Fiduciary Standard vs Suitability Rule – Choosing a Financial Advisor

Fiduciary Standard vs Suitability Rule - Choosing a Financial Advisor

Although the term fiduciary has been around for a very long time, most have not heard of it until recently.

Back in 2015, our former president and the Department of Labor decided that it was in the best interest of the nation to hold financial professionals who provide advice to the public as it relates to their retirement accounts, to the fiduciary standard.

Despite the enhanced visibility of the term, many people still aren’t entirely clear about its definition, let alone how the term impacts their own financial situation or choosing a financial advisor.

What is the fiduciary standard?

The fiduciary standard means that the highest priority is to recommend investments in their client’s best interests, not their own.

A fiduciary is someone who — by law:

  • Has to put your best interests ahead of their own
  • Must avoid conflicts of interest, and
  • Must disclose such conflicts when they exist (sometimes conflicts of interests are unavoidable).

With a fiduciary, they are working in your best interest. When they present financial products or funds, they have reasonable fees.

Think of it in much the same way that you would think about a doctor. The doctor is under an obligation to work in on your behalf. They would collect all of your information, run tests seeking as much detail and understanding as possible, and then make recommendations in your best interest.

And likewise, financial professionals should operate in the same way.

Are all financial professionals fiduciaries?

The fiduciary standard is a high standard, indeed. Registered Investment Advisors are fiduciaries. They work in your interests and not in the interests of any company or themselves. If they fail to do so, they could find themselves in serious trouble.

The vast majority of financial services professionals are not held to the fiduciary standard. They are held to a lower standard called the suitability rule.

That does not mean most financial professionals are not honest. I know many that put their clients’ best interests ahead of their own, even though they are not required to by law.

What is the suitability rule?

I like to think of the suitability rule as a modified “buyer beware” standard. Financial service professionals held to the suitability rule only have to:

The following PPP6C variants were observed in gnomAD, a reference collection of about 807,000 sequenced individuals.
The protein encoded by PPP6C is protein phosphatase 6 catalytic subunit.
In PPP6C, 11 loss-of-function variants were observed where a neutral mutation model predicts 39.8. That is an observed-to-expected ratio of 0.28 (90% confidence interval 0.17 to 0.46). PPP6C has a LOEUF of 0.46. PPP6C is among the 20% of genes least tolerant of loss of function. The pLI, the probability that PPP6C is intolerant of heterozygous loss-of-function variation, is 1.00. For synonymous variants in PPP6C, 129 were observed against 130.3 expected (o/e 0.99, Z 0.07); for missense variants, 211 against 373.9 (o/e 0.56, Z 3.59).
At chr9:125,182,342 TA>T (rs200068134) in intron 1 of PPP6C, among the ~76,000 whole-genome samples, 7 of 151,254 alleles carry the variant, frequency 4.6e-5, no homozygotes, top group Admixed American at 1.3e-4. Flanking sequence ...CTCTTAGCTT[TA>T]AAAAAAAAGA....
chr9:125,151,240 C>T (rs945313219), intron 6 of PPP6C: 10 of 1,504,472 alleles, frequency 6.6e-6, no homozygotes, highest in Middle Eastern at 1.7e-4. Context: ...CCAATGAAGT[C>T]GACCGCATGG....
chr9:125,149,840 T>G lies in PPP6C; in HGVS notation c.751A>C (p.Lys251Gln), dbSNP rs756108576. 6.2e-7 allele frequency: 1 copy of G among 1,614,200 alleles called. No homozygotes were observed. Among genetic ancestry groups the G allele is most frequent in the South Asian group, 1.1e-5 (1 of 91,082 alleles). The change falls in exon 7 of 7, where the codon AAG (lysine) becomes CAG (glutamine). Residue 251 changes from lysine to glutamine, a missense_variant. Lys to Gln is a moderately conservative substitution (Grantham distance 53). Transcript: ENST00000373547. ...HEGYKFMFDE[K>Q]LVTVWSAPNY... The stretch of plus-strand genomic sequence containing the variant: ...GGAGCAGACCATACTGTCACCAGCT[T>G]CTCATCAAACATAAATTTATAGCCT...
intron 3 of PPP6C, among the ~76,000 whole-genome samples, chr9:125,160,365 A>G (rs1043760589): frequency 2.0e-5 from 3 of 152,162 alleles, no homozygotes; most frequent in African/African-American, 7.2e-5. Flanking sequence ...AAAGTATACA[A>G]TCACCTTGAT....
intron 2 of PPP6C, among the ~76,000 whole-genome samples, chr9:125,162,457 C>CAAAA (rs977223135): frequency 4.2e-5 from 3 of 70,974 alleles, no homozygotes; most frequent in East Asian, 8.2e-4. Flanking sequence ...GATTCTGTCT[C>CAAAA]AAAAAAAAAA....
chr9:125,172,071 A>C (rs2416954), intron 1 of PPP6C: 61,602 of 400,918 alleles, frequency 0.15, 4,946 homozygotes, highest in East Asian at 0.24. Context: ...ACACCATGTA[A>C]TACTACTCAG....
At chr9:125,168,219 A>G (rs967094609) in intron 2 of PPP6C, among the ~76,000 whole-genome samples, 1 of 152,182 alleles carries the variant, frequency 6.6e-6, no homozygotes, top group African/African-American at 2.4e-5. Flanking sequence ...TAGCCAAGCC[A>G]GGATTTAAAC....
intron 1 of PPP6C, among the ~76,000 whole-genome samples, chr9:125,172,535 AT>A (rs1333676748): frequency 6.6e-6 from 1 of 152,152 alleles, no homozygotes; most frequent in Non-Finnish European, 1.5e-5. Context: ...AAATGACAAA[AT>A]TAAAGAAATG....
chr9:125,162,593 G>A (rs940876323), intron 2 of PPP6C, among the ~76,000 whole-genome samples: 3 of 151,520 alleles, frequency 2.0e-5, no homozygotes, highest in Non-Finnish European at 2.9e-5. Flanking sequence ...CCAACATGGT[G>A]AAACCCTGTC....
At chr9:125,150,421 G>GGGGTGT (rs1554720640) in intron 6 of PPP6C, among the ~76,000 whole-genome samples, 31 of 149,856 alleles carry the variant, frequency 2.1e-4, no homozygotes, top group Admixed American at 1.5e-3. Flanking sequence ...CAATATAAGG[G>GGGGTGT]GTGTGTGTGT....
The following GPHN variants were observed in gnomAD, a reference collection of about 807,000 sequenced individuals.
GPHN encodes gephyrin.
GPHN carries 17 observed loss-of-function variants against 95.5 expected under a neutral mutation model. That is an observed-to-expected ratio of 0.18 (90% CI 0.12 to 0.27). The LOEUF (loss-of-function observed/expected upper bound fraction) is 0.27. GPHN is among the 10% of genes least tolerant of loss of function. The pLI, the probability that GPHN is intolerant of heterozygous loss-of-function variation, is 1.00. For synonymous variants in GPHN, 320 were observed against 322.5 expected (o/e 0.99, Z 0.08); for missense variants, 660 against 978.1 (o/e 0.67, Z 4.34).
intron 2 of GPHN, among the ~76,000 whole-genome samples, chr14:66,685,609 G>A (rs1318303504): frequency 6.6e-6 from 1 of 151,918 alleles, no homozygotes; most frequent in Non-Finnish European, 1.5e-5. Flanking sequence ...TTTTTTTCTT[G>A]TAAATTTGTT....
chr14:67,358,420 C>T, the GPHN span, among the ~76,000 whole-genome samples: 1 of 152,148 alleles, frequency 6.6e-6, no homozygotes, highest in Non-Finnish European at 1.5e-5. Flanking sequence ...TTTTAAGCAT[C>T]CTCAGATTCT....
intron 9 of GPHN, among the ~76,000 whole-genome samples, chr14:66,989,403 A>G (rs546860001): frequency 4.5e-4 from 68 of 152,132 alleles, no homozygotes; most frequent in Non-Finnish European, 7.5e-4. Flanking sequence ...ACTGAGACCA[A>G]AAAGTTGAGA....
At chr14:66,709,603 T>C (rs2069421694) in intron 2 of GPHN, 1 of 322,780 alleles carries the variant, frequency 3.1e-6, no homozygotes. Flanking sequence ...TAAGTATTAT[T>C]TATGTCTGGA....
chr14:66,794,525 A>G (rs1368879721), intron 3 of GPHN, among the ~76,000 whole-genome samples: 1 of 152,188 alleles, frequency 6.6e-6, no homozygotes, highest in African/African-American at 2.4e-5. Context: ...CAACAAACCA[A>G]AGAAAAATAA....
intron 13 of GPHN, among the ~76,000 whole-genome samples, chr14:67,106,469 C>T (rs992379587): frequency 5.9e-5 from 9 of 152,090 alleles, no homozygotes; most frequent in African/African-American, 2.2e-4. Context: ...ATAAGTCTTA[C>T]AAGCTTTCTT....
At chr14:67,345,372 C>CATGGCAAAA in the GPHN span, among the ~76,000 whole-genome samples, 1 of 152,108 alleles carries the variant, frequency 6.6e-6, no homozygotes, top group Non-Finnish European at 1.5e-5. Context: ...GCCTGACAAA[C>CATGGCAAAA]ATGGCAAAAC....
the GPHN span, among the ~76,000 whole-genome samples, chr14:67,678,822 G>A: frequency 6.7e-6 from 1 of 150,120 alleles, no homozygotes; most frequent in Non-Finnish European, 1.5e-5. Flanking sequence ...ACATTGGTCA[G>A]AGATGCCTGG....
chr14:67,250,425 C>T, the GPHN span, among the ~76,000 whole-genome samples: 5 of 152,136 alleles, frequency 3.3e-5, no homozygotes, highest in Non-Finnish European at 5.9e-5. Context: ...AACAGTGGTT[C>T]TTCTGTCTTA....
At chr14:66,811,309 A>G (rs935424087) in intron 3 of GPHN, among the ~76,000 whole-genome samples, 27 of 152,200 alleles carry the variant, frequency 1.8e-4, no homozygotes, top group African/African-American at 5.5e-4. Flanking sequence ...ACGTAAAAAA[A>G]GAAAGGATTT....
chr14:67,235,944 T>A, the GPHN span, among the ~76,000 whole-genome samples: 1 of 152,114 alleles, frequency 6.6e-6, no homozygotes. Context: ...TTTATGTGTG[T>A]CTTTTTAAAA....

• Make a cursory inquiry into a customers financial situation when they are recommending a financial product.
  • Supply that customer with written disclosures about the risks.

The customer must make sure the financial product is right for them by reading these disclosures. And we know how much we read the volumes of fine print. Unfortunately, most people do not have the ability to discern if the financial product being offered is right for them.

Financial service professionals are not required to make sure the product is optimal if only held to the suitability standard. They are also not required to point out potential conflicts of interest influencing their recommendation such as compensation differences between various competing products.

It is important to point out that some people possess a great deal of knowledge as it relates to financial matters. In this case, a financial service professional that is held to the suitability standard may be right for them. But if you are not in that category, you probably should look for a financial advisor who adheres to the fiduciary standard. Listen to our podcast for more on the fiduciary standard.

Protecting your retirement savings

Take the following steps on your own behalf:

  • Ask your advisor if they adhere to the fiduciary standard. If they do they will tell you right up front and will acknowledge it in writing. If they don’t they will dance around the question.
  • Find out if a Registered Investment Advisor (RIA) is helping to administer your company’s 401k plan. RIAs generally serve in a fiduciary capacity, but not always so be cautious as some can function as both a registered investment advisor and a broker.
  • Be aware of your options during transition times, such as changing jobs or retiring. Don’t simply roll over your money just because a commission hungry financial person tells you it’s a good idea. Sometimes it can be a good idea to do so but many times it may not.

Fiduciary Standard or Suitability Rule?

If you need a financial service professional, choose the professional that adheres to the standard that makes the most sense for you. This is an important step in choosing the ideal financial professional for you. One last thought, if you want to work with a fiduciary, make sure you have a signed contract that states clearly that they are working in this capacity.